Short Biography: Daniel Kuhn holds the Chair of Risk Analytics and Optimization at EPFL. Before joining EPFL, he was a faculty member at Imperial College London (2007-2013) and a postdoctoral researcher at Stanford University (2005-2006). He received a PhD in Economics from the University of St. Gallen in 2004 and an MSc in Theoretical Physics from ETH Zurich in 1999. His research interests revolve around optimization under uncertainty. For his personal website, please go to https://www.epfl.ch/labs/rao/.
Speaker: Soroosh Shafieezadeh-Abadeh (Carnegie Mellon University)
Short Biography: Soroosh Shafieezadeh Abadeh is currently a postdoctoral researcher at Tepper School of Business at Carnegie Mellon University, working with Professor Fatma Kılınç-Karzan. Before joining CMU, he held a postdoctoral position at the Automatic Control Laboratory at ETH Zurich, working with John Lygeros and Florian Dörfler. He received his doctoral degree in Management of Technology from École Polytechnique Fédérale de Lausanne in 2020, where he worked with Professor Daniel Kuhn and Professor Peyman Mohajerin Esfahani. His doctoral dissertation entitled Wasserstein Distributionally Robust Learning was awarded an EPFL Thesis Distinction in 2020. He received a Bachelor and a Master degree in Electrical Engineering (major in Automatic Control) from the University of Tehran in 2011 and 2014, respectively. His current research interests are focused on optimization under uncertainty, the design of large-scale algorithms for solving stochastic and distributionally robust optimization problems, and the development of statistical tools for data-driven decision-making problems. His research is inspired by applications in machine learning, control, economics and finance.
Speaker: Wolfram Wiesemann (Imperial College)
Short Biography: Wolfram Wiesemann is Professor of Analytics and Operations as well as Fellow of the KPMG Centre for Advanced Business Analytics at Imperial College Business School, London. Before joining the faculty of Imperial College Business School in 2013, he was a post-doctoral researcher at Imperial College London (2010-2011) and an Imperial College Research Fellow (2011-2012). He was a visiting researcher at the Institute of Statistics and Mathematics at Vienna University of Economics and Business, Austria, in 2010, the Computer-Aided Systems Laboratory at Princeton University, USA, in 2011, and the Industrial Engineering and Operations Research Department at Columbia University, USA, in 2012. Wolfram currently serves on the editorial boards of Computational Management Science, Computation Optimization & Applications, Manufacturing & Service Operations Management, Operations Research, Operations Research Letters and SIAM Journal on Optimization. Wolfram’s research interests revolve around the methodological aspects of decision-making under uncertainty, as well as applications in logistics, operations management and energy.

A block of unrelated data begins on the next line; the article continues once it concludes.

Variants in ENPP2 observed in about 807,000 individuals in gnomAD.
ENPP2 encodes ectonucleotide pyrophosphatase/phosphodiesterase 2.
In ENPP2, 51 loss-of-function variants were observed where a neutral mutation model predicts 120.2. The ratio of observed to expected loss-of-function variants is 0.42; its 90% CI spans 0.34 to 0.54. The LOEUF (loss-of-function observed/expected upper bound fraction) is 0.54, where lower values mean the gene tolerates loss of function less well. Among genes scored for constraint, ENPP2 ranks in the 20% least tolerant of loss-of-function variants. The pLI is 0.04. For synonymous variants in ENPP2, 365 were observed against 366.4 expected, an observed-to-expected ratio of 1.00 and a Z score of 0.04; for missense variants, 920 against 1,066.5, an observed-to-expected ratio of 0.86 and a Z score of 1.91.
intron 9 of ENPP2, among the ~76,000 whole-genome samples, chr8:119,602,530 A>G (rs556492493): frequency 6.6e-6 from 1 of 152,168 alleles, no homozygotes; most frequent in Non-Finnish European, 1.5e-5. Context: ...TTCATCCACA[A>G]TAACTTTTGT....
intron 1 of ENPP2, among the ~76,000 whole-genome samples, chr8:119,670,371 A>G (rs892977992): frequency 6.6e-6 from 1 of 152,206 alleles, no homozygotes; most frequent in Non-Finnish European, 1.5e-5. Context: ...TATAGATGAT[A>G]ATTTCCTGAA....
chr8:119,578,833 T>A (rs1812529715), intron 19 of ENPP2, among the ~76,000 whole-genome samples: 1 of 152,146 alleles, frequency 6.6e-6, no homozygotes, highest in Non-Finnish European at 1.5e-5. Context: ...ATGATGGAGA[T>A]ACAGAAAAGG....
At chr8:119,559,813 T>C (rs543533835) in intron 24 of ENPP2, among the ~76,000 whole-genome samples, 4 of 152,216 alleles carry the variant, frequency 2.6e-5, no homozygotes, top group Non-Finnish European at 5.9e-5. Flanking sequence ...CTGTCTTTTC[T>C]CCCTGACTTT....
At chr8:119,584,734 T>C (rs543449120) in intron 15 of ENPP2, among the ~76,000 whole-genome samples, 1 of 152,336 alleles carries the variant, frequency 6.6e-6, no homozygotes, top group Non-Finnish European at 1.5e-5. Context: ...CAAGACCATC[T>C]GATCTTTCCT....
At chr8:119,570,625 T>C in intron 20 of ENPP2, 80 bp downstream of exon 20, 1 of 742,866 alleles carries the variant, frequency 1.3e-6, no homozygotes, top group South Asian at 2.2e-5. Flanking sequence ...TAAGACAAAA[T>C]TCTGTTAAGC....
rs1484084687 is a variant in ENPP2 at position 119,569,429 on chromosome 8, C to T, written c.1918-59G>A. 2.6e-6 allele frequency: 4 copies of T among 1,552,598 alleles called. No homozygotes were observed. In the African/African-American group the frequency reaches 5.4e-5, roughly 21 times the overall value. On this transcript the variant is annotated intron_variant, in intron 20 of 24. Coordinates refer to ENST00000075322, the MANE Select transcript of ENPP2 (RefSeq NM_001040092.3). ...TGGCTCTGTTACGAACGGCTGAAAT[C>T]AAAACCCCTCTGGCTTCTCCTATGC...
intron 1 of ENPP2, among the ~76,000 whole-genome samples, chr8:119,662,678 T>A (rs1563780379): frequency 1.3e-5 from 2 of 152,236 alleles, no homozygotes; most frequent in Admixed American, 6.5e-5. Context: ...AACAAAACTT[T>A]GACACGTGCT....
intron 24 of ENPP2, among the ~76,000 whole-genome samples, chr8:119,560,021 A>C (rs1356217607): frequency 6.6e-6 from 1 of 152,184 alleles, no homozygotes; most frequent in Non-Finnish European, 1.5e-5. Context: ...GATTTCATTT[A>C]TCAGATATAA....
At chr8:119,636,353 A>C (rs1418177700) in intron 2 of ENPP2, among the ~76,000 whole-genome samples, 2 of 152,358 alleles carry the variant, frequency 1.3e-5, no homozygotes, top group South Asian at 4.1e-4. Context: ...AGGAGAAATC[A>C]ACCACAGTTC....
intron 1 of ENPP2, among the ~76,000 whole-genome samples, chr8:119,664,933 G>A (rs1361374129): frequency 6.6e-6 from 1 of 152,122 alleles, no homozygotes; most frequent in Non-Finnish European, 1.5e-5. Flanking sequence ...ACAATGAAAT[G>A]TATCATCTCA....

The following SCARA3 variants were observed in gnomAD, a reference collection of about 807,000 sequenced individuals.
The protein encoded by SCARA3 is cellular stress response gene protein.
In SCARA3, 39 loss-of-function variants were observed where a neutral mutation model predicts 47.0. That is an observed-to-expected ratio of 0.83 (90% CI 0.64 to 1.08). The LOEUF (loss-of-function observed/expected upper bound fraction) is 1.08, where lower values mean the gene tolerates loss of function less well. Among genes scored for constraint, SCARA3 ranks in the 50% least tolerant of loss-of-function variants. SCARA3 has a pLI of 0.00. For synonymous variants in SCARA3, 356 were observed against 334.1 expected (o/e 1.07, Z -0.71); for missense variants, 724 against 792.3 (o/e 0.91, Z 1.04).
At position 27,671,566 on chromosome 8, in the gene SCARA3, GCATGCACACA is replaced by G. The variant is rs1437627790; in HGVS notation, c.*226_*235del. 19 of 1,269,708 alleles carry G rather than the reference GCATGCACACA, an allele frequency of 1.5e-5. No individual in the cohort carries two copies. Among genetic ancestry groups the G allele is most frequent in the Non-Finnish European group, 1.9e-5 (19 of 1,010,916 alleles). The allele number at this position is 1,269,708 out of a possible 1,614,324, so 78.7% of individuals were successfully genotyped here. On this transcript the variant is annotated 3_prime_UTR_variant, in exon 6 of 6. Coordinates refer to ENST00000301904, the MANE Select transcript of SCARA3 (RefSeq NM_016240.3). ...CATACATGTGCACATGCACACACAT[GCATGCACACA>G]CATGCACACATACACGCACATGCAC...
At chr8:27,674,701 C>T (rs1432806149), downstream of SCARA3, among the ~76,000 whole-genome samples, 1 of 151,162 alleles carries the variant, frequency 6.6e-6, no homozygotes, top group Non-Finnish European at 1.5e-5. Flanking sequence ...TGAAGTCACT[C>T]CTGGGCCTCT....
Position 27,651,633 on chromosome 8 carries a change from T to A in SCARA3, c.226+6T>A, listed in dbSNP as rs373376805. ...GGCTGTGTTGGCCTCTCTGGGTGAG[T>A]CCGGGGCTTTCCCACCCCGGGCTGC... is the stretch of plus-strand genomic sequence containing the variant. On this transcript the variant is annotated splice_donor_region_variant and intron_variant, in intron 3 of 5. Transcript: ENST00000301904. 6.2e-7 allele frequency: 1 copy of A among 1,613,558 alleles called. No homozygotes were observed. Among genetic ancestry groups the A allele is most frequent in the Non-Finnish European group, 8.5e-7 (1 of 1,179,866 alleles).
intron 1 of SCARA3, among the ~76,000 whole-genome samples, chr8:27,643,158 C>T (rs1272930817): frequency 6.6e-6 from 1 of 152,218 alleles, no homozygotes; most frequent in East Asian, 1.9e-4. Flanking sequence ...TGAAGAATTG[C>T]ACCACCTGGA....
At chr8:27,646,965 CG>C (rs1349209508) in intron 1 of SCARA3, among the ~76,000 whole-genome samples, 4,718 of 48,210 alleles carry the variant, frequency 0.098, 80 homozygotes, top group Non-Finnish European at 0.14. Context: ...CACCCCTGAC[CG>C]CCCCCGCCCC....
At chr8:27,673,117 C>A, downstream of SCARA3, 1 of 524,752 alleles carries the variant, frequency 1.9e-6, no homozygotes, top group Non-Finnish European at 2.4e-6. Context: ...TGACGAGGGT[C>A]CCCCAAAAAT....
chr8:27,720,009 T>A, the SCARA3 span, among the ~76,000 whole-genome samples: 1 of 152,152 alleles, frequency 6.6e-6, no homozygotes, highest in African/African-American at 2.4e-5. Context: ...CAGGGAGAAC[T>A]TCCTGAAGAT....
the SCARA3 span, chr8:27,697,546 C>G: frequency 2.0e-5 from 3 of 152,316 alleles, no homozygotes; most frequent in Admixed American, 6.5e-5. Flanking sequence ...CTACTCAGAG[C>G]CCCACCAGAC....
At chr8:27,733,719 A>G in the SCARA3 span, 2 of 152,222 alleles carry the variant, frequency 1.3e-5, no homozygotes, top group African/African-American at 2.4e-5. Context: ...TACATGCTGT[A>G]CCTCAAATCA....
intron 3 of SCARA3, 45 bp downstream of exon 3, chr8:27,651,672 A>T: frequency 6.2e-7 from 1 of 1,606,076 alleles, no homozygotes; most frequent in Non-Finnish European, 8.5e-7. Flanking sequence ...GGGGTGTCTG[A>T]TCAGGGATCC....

Mathematical Optimization in Julia with JuMP

Abstract: In this workshop, we will cover the basics of programming in Julia with a focus on mathematical optimization. You will learn how to write simple programs in Julia and to solve mathematical optimization problems in JuMP. The tutorial will cover three classes of problems: integer linear programs, nonlinear programs and conic programs. In addition, we will cover data manipulation, visualization and analysis.

Julia is a high-level, high-performance dynamic language for technical computing. It is dynamically typed so it feels like a scripting language and has good support for interactive use. At the same time, Julia programs compile to efficient native code for multiple platforms via LLVM hence its performance is comparable to C or Fortran.

JuMP is a modeling language and software ecosystem for mathematical optimization in the Julia programming language. JuMP makes it easy to formulate and solve linear programming, semidefinite programming, integer programming, convex optimization, constrained nonlinear optimization, and related classes of optimization problems.

Speaker: Benoît Legat (Massachusetts Institute of Technology)
Short Biography: Benoît Legat is a postdoctoral researcher at MIT with Prof. Pablo Parrilo in the Laboratory for Information and Decision Systems (LIDS). He received his Ph.D. degree in applied mathematics from the UCLouvain in Belgium. His research interests include polynomial optimization, semidefinite programming and invariant set computation.
Speaker: Miles Lubin (Google)
Short Biography: Miles Lubin is a optimization researcher at Hudson River Trading in New York, USA. He received his PhD in Operations Research from MIT in 2017. He leads the JuMP project, an algebraic modeling language in Julia, in the role of “benevolent dictator for life”.